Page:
The ‘Freemium’ cost to ISV’s

Posted on March 18, 2013

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Most of you reading this will no doubt at some point have tried a ‘Free’ service or online product offering from a vendor website.

Free in most cases means ‘Freemium‘ = a limited service offering designed as a ‘Hook’ to get users to consume a service or product. The ‘Free’ service or product offering just enough features and or resources to make it useful for users. The ultimate goal of course being to get subscribers to the ‘Free’ versions to upgrade to a premium or professional paid-for version of the product or service that gives more functionality and or resources.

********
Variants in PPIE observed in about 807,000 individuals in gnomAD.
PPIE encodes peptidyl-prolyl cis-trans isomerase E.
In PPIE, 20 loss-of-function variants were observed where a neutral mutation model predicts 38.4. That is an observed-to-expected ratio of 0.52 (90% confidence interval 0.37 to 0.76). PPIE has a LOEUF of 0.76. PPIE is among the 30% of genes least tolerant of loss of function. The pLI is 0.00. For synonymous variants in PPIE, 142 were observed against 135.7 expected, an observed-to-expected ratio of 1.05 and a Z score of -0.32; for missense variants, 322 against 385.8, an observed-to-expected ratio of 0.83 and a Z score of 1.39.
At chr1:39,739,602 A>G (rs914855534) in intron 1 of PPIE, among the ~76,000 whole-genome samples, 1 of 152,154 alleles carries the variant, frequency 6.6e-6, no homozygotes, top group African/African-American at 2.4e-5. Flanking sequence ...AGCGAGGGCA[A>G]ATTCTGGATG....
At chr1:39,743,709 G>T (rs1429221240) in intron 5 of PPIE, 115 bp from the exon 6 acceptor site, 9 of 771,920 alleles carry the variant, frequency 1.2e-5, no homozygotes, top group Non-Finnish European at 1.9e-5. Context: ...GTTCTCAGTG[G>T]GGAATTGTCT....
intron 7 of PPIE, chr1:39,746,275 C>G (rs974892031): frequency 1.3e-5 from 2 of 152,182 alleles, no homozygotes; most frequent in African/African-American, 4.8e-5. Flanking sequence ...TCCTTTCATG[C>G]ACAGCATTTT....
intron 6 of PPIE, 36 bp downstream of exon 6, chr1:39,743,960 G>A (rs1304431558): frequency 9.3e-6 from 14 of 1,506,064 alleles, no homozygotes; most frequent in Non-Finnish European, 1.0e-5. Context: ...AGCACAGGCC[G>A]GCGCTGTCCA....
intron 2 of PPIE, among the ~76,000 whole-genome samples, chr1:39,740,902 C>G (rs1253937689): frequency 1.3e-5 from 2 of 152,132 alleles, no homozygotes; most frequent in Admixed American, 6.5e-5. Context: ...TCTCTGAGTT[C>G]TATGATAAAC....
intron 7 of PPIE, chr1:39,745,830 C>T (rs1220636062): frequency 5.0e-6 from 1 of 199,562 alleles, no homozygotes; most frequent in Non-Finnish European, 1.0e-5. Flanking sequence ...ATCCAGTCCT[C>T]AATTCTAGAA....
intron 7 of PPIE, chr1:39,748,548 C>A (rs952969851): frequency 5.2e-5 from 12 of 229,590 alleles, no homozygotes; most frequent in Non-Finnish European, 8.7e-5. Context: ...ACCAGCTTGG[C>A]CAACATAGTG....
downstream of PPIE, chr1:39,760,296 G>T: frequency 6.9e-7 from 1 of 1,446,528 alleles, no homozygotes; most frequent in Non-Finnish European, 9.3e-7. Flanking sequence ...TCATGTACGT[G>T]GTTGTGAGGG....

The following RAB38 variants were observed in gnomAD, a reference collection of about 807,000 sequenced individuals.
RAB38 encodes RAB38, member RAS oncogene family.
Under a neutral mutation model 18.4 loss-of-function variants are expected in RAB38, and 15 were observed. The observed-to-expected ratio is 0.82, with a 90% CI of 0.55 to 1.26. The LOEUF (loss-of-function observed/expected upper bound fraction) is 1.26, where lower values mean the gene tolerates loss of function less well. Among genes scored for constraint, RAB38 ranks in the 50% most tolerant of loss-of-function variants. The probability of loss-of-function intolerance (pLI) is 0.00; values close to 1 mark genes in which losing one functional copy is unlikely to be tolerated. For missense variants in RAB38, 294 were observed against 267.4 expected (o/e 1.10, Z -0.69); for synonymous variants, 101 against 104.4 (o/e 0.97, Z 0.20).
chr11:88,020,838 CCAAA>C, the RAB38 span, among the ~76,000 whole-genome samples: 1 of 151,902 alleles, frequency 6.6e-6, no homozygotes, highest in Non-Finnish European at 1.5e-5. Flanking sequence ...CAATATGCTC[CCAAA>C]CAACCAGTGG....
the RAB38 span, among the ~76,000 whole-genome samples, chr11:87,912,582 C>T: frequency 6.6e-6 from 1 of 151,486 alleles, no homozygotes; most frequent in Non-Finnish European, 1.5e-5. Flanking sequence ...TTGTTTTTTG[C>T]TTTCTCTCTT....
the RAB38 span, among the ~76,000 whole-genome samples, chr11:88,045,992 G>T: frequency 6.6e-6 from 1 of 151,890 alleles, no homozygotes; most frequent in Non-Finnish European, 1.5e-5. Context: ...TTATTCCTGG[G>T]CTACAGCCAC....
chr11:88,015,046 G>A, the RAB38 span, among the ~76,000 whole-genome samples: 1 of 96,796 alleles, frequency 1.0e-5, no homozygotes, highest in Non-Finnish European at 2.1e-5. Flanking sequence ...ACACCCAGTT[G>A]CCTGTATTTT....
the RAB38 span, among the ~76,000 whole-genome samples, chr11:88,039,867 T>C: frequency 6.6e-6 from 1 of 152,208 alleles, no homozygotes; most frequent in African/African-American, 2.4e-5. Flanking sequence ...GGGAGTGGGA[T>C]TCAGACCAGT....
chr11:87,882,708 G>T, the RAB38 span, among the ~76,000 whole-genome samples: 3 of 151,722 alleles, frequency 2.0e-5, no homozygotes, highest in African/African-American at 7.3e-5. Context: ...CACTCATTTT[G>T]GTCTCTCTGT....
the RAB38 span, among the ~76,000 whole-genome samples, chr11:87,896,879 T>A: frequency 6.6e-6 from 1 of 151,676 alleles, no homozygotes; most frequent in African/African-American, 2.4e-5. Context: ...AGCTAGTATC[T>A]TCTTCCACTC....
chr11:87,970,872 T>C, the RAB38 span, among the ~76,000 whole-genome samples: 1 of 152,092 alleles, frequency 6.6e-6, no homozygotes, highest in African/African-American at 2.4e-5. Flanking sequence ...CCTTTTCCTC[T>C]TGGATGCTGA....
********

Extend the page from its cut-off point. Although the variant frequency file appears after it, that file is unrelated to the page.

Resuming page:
For new Cloud Start-ups and ISV’s looking to create market this sounds like a great way of attracting a user base and the techie business start-ups flock to this model with little real awareness of the poor returns this can offer. The challenge lies in the conversion rate of subscribers from ‘Freemium’ to ‘Premium’ paid-for usage. The conversion rate is not encouraging. Compare high user volume applications with low and you get to see the hard facts:

  • 560 million user base – Skype = 8%
  • 300 thousand user base – Ning 5%
  • Pandora, Dropbox and Evernote conversion rates are in the range 0.5% to 4%.

What is clear is there is these are not impressive and no ‘Average’ can be used as a rule of thumb, it largely relates to the value proposition for the users and that is the quandary for ISV’s looking at this model.